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Reviewers: Tony Augarde [Editor], Don Mather, Sam Webster, Jonathan Woolf, Glyn Pursglove



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COUNT BASIE

Basie Swings Standards

Pablo 0888072312401

 

 

  1. Lester Leaps In
  2. Too Close For Comfort
  3. Sweet Georgia Brown
  4. Satin Doll
  5. Jumpin' at the Woodside  
  6. On the Sunny Side of the Street
  7. Strike Up The Band
  8. In A Mellotone
  9. There Will Never Be Another You
  10. Things Ain't What They Used To Be
  11. Li'l Darlin'
  12. One O'Clock Jump

Collective personnel:
Count Basie - Piano
Chris Woods, Kenny Hing, Eric Dixon, Danny Turner, Jimmy Forrest, Johnny Williams, Bobby Plater, Charlie Fowlkes - Saxes, flutes,
Lyn Biviano, Waymon Reed, Dale Carley, Willie Cooke, Jim Crawford, Jack Feierman, Dave Stahl, Pete Minger, Ray Brown, Frank Szabo, John Thomas , Sonny Cohn, Bob Summers, Bobby Mitchell, Paul Cohen - Trumpets
Mel Wanzo, Curtis Fuller, Mitchell Wood, Dennis Wilson, Fred Wesley, Grover Mitchell, Al Grey, Bill Hughes - Trombones
Freddie Green - Guitar
James Leary, John Clayton, John Duke, Keter Betts, Cleveland Eaton - Bass
Dennis Mackrel, Gregg Field, Mickey Roker, Butch Miles - Drums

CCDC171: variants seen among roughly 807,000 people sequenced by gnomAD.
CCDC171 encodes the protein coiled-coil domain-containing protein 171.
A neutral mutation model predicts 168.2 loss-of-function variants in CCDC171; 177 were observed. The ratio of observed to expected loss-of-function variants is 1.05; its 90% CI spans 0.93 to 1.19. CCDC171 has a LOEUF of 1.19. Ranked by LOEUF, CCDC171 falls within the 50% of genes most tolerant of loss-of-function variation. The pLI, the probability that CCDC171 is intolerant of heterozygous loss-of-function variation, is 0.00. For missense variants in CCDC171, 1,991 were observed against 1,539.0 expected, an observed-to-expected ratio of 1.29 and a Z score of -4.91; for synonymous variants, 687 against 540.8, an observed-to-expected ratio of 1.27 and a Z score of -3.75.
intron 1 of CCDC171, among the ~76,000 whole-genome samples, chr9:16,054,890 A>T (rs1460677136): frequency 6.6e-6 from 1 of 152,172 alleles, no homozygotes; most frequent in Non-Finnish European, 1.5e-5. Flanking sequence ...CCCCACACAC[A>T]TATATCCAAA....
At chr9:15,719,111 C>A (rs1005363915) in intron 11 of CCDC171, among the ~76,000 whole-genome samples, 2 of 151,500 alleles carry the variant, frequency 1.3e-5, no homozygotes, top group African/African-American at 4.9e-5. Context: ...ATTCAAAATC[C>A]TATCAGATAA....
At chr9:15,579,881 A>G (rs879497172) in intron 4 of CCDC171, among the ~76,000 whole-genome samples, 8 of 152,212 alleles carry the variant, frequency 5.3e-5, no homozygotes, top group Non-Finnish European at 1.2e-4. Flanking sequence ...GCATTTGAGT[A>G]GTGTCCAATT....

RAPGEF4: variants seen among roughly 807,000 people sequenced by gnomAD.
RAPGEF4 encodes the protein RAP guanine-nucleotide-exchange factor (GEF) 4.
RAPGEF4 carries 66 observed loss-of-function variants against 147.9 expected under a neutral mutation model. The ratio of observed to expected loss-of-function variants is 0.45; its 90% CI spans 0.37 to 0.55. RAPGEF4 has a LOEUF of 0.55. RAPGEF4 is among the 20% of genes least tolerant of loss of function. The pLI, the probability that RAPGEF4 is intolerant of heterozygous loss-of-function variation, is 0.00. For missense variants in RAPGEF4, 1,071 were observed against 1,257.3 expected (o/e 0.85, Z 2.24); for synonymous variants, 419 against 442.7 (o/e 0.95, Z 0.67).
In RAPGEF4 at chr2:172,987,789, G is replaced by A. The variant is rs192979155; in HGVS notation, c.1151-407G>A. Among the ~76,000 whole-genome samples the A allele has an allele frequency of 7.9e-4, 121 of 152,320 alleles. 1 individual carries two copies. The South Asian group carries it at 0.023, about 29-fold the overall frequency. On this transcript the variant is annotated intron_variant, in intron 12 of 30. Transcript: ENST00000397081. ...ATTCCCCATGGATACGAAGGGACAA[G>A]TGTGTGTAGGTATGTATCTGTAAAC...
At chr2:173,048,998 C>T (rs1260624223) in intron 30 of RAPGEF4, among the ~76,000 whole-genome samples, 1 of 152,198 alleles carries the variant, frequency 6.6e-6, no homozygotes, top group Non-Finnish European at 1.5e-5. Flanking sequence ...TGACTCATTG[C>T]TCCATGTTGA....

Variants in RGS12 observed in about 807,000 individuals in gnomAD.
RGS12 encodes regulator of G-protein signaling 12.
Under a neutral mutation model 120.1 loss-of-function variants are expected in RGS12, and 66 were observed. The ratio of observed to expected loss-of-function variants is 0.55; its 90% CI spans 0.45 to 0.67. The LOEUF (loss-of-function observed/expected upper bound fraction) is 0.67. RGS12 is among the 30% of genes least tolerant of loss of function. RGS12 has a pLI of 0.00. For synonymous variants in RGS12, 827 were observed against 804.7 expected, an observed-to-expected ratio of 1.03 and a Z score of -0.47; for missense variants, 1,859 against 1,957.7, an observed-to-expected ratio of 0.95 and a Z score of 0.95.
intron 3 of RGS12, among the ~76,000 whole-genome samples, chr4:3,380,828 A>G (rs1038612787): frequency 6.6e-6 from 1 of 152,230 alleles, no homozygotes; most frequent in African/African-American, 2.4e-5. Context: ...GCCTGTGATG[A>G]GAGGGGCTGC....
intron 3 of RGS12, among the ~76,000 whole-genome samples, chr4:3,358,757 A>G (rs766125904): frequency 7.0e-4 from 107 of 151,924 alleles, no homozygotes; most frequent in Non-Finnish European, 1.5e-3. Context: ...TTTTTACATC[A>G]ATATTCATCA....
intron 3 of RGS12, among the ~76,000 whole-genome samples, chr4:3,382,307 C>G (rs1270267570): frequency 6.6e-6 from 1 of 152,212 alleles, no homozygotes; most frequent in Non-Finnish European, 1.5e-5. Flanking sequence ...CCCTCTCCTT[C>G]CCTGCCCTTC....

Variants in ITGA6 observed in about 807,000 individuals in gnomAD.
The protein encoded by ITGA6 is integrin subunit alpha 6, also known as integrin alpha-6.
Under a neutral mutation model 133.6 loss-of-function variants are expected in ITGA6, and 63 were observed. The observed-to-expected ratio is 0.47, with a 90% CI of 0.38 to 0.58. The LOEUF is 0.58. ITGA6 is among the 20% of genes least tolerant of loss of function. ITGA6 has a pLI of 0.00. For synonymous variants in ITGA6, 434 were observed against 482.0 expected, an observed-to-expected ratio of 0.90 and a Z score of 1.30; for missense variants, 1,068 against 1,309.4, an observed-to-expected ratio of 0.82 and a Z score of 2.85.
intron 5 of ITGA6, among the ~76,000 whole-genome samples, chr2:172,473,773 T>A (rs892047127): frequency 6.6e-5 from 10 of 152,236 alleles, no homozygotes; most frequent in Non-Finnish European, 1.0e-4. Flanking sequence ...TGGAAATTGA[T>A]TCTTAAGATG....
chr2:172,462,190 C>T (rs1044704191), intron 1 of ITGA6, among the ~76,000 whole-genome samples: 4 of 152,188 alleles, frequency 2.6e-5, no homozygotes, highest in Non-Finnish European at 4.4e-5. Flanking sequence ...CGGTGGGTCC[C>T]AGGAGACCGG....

Count Basie's band is not exactly renowned for playing jazz standards, especially as many of their early recordings were "head" arrangements, invented by the band itself. This CD is a rather strange compilation, as it includes standard repertoire such as Sweet Georgia Brown and Strike up the Band plus such numbers as Li'l Darlin' and One O'Clock Jump which were first recorded by the Basie band and were then taken up by other musicians. The result is a mixture of reruns of some of Basie's greatest hits alongside well-known standards.

The recordings were made between 1975 and 1983 for Norman Granz's Pablo label. As the Count died in 1984, the bands were among the last of many great Basie ensembles. There are occasional signs that things ain't quite what they used to be, as when the opening sax solo in Lester Leaps In sounds uncoordinated or Basie's piano introduction to Jumpin' at the Woodside falters momentarily. Yet the band never lost its ability to swing easily, from the fast tempo of Lester Leaps In to the still incredibly leisurely progress of Li'l Darlin'.

Talking of Things Ain't What They Used To Be, this is one of three songs in which Basie pays tribute to that other great bandleader, Duke Ellington. These include In a Mellotone in which the Count capriciously goes into double tempo in the middle of his introduction, and a version of Satin Doll in which Freddie Green's guitar can be clearly heard - an essential but often barely audible ingredient in Basie bands for almost 50 years. The last five tracks were recorded at Montreux in the 1970s and certainly have a "live" presence, with the drums of Mickey Roker or Butch Miles propelling the band marvellously.

Other notable tracks include Too Close for Comfort, which has a booting solo from an unidentified tenorist, and On the Sunny Side of the Street, which features vibist Milt Jackson as well as some lovely piano from Basie.

I can't say that this is an essential album for your collection but it is a useful sampler of late-era Basie, clearly recorded and mostly retaining the qualities which made the Count's bands so thrilling.


Tony Augarde



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